Davis Cup final: Federer and Wawrinka give Swiss advantage

Roger Federer
Roger Federer showed no sign of a back problem in Lille.

Roger Federer and Stan Wawrinka beat French doubles duo Julien Benneteau and Richard Gasquet to give Switzerland a 2-1 lead in the Davis Cup final.

Federer showed no signs of his recent back problem as the Swiss won 6-3 7-5 6-4 on the indoor clay court in Lille.

The 33-year-old, who lost his singles match to Gael Monfils on Friday, said: "Clearly it's a big relief. The medical staff, it's a big thanks to them."

Richard Gasquet faces Federer in the first of two singles matches on Sunday.

Gasquet was called up to replace Richard Jo-Wilfried Tsonga, who missed Saturday's doubles despite being tipped to partner Gasquet and was reported to be suffering pain in his elbow.

Sunday's two matches will decide the final, with Wawrinka expected to face Monfils as the Swiss seek to capture the first Davis Cup title in their history.

BBC tennis correspondent Russell Fuller
"Federer believes that a lack of clay court preparation, rather than an ailing back, undermined his chances on the opening day - and he certainly moved with great agility in the doubles.
"Wawrinka was again outstanding and they outclassed a French pair which had never played together in the Davis Cup before.
"Gael Monfils will be a formidable competitor for France on the final day, but his match with Wawrinka will be academic unless Jo-Wilfried Tsonga casts off his inhibitions of Friday and beats Federer in Sunday's opening match."

The respective world number one and four were in charge of Saturday's doubles match from the start, in front of a 27,000 crowd at the Stade Pierre Mauroy.

Wawrinka, 29, said: "I am really happy with the way we were playing today. We were really aggressive, we knew what we had to do. I think we did a good job."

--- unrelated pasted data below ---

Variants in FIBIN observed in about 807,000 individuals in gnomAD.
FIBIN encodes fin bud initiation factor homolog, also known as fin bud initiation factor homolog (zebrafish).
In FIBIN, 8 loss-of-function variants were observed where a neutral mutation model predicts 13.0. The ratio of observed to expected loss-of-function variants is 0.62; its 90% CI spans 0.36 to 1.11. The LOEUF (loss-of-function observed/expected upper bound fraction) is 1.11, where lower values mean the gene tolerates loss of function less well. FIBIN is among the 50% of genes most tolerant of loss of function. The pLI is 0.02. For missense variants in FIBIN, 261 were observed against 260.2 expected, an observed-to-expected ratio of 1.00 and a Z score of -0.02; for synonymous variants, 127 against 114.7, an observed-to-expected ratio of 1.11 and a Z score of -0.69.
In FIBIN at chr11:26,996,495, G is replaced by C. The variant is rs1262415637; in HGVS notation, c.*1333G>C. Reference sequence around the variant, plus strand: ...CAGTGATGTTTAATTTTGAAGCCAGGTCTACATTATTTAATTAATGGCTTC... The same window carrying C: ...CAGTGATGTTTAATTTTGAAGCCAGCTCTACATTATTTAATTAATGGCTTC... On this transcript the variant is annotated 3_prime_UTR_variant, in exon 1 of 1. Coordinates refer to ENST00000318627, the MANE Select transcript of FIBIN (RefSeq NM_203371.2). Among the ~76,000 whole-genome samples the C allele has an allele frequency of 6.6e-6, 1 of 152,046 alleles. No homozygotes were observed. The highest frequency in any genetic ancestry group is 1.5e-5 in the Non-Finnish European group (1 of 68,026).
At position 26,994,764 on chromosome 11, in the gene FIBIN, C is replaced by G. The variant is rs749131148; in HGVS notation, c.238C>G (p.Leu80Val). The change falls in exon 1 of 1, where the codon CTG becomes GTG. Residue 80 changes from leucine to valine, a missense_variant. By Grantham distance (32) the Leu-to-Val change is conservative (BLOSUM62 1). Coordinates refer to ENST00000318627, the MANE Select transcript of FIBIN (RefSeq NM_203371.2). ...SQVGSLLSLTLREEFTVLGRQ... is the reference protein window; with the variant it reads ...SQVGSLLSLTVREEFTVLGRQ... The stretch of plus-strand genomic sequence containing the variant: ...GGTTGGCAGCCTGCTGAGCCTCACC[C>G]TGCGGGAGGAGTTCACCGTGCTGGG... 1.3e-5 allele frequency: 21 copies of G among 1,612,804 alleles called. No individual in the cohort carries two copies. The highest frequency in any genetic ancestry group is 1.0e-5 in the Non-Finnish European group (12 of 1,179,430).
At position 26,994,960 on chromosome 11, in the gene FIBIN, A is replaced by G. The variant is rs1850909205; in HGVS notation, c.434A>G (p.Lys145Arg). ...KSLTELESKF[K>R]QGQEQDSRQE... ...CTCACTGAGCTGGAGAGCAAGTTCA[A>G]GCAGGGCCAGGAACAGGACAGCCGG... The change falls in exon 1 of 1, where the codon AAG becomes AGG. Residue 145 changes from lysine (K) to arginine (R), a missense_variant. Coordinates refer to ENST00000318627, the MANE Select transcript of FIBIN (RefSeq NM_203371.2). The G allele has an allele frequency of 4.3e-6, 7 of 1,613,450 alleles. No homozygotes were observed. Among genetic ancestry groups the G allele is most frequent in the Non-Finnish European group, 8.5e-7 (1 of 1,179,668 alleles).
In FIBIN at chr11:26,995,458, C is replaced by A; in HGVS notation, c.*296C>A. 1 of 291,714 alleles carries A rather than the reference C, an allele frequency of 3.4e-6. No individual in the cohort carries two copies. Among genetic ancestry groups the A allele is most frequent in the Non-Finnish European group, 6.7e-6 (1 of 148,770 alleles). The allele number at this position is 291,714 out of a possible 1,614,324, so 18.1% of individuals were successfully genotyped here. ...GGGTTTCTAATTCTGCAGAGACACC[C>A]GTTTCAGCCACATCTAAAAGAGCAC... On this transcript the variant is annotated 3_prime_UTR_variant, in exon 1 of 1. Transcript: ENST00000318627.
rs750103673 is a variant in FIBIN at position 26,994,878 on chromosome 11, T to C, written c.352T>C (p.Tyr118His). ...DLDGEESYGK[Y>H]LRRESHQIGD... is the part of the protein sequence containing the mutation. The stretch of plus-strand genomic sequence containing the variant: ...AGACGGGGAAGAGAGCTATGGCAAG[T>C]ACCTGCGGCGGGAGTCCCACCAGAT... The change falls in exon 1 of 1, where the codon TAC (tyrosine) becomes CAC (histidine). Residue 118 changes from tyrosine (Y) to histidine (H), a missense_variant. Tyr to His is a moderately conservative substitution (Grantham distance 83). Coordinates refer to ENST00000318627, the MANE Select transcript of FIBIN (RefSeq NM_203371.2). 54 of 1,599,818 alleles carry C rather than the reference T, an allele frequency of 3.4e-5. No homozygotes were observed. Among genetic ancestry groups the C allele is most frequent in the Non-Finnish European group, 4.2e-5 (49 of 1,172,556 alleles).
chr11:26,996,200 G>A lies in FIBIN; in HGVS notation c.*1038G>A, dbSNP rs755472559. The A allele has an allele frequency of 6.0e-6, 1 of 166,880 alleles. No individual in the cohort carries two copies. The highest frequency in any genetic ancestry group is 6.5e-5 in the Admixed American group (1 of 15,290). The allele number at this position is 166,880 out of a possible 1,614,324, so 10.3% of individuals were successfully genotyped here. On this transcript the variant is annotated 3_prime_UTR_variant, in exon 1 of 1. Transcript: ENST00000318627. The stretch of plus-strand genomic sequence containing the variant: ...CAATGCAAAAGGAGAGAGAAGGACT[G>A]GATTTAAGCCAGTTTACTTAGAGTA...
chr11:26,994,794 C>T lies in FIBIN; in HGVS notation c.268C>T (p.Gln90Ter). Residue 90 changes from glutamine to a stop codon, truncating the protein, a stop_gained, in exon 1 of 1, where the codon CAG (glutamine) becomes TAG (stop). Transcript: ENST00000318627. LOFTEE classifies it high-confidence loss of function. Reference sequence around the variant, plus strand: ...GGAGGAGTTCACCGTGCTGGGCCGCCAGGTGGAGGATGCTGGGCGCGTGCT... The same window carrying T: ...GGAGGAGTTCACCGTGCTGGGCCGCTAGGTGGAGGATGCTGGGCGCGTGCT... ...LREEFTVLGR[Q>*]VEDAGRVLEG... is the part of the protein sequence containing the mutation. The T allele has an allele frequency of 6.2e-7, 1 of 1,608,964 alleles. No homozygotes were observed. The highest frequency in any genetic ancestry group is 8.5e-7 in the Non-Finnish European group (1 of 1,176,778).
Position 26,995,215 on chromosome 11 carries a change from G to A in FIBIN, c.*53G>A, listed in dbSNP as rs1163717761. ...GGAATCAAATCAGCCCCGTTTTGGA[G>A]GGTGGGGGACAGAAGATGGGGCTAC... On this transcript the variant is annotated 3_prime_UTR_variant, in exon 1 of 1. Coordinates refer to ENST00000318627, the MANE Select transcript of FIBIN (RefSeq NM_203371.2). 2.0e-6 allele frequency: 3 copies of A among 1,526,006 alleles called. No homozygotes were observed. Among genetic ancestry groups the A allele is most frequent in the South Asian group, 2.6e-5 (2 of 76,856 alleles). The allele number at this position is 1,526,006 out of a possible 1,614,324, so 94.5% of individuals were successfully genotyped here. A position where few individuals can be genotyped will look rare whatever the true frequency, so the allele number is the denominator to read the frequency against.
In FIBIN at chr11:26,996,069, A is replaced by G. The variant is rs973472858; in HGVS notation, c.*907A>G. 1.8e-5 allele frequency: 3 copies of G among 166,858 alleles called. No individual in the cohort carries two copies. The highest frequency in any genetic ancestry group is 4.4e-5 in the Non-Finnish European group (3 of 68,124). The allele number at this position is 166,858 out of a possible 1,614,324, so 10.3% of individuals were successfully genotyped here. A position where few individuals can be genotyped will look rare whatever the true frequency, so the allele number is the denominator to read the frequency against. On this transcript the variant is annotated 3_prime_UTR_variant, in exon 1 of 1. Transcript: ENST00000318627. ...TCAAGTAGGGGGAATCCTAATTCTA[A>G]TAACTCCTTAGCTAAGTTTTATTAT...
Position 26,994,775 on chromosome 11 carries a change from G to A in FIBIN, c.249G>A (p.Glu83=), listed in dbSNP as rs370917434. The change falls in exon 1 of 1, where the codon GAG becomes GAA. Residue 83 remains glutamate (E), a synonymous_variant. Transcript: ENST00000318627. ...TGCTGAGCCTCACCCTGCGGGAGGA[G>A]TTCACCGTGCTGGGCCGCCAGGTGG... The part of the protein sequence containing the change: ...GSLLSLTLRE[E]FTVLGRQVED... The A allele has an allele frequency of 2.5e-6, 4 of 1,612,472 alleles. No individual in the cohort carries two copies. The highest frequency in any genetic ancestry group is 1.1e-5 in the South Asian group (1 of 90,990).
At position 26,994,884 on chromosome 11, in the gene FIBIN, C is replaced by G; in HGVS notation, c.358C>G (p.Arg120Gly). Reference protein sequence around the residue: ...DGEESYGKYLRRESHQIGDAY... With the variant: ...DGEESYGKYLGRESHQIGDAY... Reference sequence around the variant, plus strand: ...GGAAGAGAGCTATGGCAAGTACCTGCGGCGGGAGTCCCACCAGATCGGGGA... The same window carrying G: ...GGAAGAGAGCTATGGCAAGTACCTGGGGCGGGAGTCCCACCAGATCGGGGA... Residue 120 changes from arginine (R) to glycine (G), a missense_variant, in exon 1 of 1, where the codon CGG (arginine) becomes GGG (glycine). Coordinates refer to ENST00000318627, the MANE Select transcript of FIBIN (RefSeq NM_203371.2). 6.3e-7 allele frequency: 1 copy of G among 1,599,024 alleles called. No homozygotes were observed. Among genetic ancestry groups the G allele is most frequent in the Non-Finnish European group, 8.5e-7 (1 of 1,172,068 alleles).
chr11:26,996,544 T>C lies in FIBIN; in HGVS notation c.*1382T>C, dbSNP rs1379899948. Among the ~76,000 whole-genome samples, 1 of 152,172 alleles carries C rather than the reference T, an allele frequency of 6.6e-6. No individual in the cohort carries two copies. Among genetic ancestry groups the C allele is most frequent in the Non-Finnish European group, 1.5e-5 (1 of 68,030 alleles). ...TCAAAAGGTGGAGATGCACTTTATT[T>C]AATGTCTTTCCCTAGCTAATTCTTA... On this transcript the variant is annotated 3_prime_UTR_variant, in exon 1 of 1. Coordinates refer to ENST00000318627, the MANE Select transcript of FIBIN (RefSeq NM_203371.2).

The Swiss duo secured the first break of the match on the Benneteau serve in the sixth game and that proved enough to take the opening set.

Their French opponents came out fighting in the second set but failed to convert any of five break points that came their way.

With the set seemingly destined for or a tie-break, Gasquet, who never managed to match his partner's impact on the match, failed to hold serve.

AP
France's Richard Gasquet struggled to find his best form alongside partner Julien Benneteau.

A Federer backhand winner secured the break to make it 6-5 and Wawrinka served out for a two sets to love lead.

The French pair attempted to rally in the final set but with the otherwise impressive Benneteau struggling on serve, Wawrinka converted a third break point opportunity in the fifth game of the set.

The Swiss never looked back, with Federer, who had been moving through the gears since midway through the second set, serving to love for the match.

"The coaching staff did a wonderful job of getting us ready today," he said. "Thanks for getting me back onto the court."

Swiss duo Marco Chiudinelli and Michael Lammer were originally slated to play the match, but Federer and Wawrinka were drafted in with so much at stake.

As it stands: France 1-2 Switzerland
21 Nov: Stan Wawrinka (Swi) beat Jo-Wilfried Tsonga (Fra) 6-1 3-6 6-3 6-2
21 Nov: Gael Monfils (Fra) beat Roger Federer (Swi) 6-1 6-4 6-3
22 Nov: Julien Benneteau & Richard Gasquet (Fra) v Roger Federer & Stan Wawrinka (Swi) 6-3 7-5 6-4
23 Nov: Jo-Wilfried Tsonga (Fra) v Roger Federer (Swi)
23 Nov: Gael Monfils (Fra) v Stan Wawrinka (Swi)

Switzerland now need to win just one of Sunday's reverse singles matches to claim the title, but Wawrinka is expecting a hard day.

"It's a tough, long weekend," he said.

"We are going to get ready in the best possible way for tomorrow. We are going to rest now and be ready - Roger and me - to play."

In Friday's opening singles, Wawrinka defeated Tsonga in four sets and Monfils brushed aside Federer, who was making his return after pulling out of Sunday's ATP World Tour final with a back problem, in three.

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